The National Radio Systems Committee (NRSC) has unveiled a new resource for broadcasters that utilize FM translators, providing a unique Radio Data System (RDS) Program Identification (PI) code for every FM translator in the U.S.
FM translators have been a source of growth for the radio broadcast industry in recent years. Regulatory efforts such as AM revitalization, and the expanded use of HD Radio multicast channels as an audio source for translators, have introduced new uses for translators and have greatly increased their numbers.
Most FM translators broadcast the RDS digital subcarrier, which is used by FM stations to deliver “metadata” such as program format, station logo and/or web address, and song title and artist information to modern FM receiver displays (especially automotive receivers). The use of RDS on FM translators is encouraged, especially since so many vehicles now display RDS metadata when tuned to an FM radio station.
One of the most important types of metadata transmitted by RDS subcarrier is the PI code. The PI code is not displayed to consumers but it is used internally by the receiver to uniquely identify the audio program being broadcast by the FM station. In the US, the PI code has historically been derived from a radio station’s call sign, however, when FM translators are involved there is a problem.
The NRSC defined the algorithm for calculating a station’s PI code back in the 1990’s when the RDS standard was being introduced, and this algorithm is based on a four-character call sign, which is the standard call sign format for full-power FM stations (the exception being some legacy three-character call signs). Here’s the problem – FM translators are assigned a six-character call sign by the FCC, so the NRSC’s PI code algorithm does not work.
To resolve this problem, the NRSC’s RDS Usage Working Group (RUWG) developed a new algorithm just for FM translators, which can assign a unique PI code to each FM translator in the US. This algorithm has been implemented using a web-based tool and a list of PI codes for all FM translators in the US is now available at http://picodes.nrscstandards.org/. FM translator operators are encouraged to visit this web page and obtain (and use!) the PI code which has been calculated for their translator (or translators).
In the vast majority of cases, these new FM translator PI codes should be used by translator operators, this is very important to help prevent PI code-related receiver issues (such as unintentional re-tuning) which can occur when stations use the wrong PI code. The principal reason why a translator would not use one of the PI codes from the NRSC’s FM translator PI code list is if that translator is being fed by the main channel audio signal of a full-power FM station and is simulcasting that signal (the “traditional” application for translators). In this exceptional case, the translator should use the PI code for the full-power station it is being fed by, calculated from that full-power station’s four-letter call sign.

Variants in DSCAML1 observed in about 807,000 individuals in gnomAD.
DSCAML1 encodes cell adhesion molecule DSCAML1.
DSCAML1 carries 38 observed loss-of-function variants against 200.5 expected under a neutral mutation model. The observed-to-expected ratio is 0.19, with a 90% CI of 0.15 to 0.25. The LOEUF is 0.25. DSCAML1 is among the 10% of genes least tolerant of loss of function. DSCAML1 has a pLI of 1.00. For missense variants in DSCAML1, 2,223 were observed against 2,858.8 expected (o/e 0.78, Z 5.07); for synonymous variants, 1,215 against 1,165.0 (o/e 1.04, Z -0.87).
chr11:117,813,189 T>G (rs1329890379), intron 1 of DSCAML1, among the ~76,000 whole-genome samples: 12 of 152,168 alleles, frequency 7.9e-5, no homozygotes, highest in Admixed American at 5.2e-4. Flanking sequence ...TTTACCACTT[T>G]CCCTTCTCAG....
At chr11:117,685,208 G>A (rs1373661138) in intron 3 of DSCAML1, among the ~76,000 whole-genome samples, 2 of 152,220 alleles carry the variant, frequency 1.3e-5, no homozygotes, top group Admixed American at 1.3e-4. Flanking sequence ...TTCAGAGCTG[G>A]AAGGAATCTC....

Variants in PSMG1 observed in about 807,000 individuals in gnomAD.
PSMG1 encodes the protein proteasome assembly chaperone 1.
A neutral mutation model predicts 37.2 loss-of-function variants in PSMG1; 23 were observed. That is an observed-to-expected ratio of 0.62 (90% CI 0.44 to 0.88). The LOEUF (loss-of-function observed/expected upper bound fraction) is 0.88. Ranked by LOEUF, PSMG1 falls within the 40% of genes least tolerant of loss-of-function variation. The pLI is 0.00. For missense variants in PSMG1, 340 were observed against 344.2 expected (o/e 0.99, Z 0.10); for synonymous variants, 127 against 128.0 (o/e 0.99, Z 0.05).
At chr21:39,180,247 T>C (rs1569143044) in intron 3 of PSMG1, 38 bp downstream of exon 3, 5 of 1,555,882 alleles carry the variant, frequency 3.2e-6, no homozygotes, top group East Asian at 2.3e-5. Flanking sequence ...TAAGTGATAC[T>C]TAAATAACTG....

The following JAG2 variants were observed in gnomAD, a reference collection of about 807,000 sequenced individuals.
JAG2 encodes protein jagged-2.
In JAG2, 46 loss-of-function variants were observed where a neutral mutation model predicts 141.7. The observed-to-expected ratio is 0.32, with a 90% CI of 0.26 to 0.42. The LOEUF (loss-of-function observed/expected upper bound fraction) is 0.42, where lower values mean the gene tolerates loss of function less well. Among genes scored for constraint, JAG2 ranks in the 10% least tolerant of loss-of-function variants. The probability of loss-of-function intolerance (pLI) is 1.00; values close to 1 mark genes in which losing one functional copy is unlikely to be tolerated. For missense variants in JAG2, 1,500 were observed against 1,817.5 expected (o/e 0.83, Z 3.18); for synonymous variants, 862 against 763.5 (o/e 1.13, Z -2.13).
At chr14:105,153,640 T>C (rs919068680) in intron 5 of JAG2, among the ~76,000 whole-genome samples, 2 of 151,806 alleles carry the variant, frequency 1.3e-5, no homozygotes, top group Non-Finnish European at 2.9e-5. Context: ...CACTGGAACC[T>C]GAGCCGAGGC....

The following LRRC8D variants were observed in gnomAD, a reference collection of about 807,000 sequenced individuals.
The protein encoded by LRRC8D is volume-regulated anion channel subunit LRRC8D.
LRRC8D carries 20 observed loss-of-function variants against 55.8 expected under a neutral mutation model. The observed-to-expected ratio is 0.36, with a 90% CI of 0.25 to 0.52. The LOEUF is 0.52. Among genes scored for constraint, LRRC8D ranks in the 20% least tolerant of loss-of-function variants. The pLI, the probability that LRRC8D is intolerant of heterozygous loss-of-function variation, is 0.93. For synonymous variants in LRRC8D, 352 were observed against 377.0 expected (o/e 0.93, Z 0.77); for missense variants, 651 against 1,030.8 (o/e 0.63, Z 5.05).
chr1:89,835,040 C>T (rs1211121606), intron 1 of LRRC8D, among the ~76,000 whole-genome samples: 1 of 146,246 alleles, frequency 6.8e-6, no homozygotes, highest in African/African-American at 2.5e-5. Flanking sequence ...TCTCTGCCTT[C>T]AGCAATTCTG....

Cross-service FM translators (that is, FM translators that are re-broadcasting an AM station’s signal) and FM translators being fed by an HD Radio multicast channel should most definitely make use of the PI codes provided on the NRSC FM Translator PI code web page. Here is a screen shot of the web page:
Some comments on the web page:
- There are over 7,000 translators listed on this page, sorted by “Facility ID;”
- Translator operators should use the “Filter” function, entering their translator call sign(s) in the appropriate box and clicking on “Filter,” this is the quickest way to find a particular PI code;
- The algorithm used to generate PI codes utilizes the FCC’s Consolidated Database System (CDBS); once a day the CDBS information is downloaded from the FCC and checked to see if there are any new translators or whether a translator has moved in geographic location or frequency;
- If a translator moves in either geographic location or frequency, then a new PI code may be calculated, so translator operators should visit the web page if their translator moves location or frequency to see if the PI code has changed.
In a future blog post some additional information on the algorithm used to calculate the FM translator PI codes will be discussed. Please contact David Layer at NAB if you have any questions or comments on the PI code web page.
Guest author Alan Jurison is Senior Operations Engineer, iHeartMedia, and Chair, RDS Usage Working Group (RUWG), National Radio Systems Committee (NRSC).